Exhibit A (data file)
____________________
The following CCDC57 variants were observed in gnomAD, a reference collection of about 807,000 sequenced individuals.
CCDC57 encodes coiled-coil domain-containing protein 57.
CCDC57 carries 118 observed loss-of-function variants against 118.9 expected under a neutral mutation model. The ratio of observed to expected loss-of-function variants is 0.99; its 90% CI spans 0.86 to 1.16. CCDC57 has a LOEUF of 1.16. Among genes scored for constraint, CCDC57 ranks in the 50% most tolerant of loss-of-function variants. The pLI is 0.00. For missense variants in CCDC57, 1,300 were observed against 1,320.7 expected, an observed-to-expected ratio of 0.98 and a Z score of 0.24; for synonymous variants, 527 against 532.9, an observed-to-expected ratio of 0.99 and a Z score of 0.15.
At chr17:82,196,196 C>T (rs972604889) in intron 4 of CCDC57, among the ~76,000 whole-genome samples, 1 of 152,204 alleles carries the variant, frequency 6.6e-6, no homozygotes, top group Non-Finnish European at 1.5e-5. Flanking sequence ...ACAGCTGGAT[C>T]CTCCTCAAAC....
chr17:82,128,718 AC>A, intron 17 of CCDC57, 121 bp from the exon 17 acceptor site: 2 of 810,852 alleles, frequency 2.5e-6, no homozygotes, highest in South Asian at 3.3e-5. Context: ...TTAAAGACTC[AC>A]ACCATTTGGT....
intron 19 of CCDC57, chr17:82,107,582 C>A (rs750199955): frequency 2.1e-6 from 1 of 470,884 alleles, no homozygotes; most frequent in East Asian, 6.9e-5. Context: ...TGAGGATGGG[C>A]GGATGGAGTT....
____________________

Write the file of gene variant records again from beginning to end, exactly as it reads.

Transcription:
The following CCDC57 variants were observed in gnomAD, a reference collection of about 807,000 sequenced individuals.
CCDC57 encodes coiled-coil domain-containing protein 57.
CCDC57 carries 118 observed loss-of-function variants against 118.9 expected under a neutral mutation model. The ratio of observed to expected loss-of-function variants is 0.99; its 90% CI spans 0.86 to 1.16. CCDC57 has a LOEUF of 1.16. Among genes scored for constraint, CCDC57 ranks in the 50% most tolerant of loss-of-function variants. The pLI is 0.00. For missense variants in CCDC57, 1,300 were observed against 1,320.7 expected, an observed-to-expected ratio of 0.98 and a Z score of 0.24; for synonymous variants, 527 against 532.9, an observed-to-expected ratio of 0.99 and a Z score of 0.15.
At chr17:82,196,196 C>T (rs972604889) in intron 4 of CCDC57, among the ~76,000 whole-genome samples, 1 of 152,204 alleles carries the variant, frequency 6.6e-6, no homozygotes, top group Non-Finnish European at 1.5e-5. Flanking sequence ...ACAGCTGGAT[C>T]CTCCTCAAAC....
chr17:82,128,718 AC>A, intron 17 of CCDC57, 121 bp from the exon 17 acceptor site: 2 of 810,852 alleles, frequency 2.5e-6, no homozygotes, highest in South Asian at 3.3e-5. Context: ...TTAAAGACTC[AC>A]ACCATTTGGT....
intron 19 of CCDC57, chr17:82,107,582 C>A (rs750199955): frequency 2.1e-6 from 1 of 470,884 alleles, no homozygotes; most frequent in East Asian, 6.9e-5. Context: ...TGAGGATGGG[C>A]GGATGGAGTT....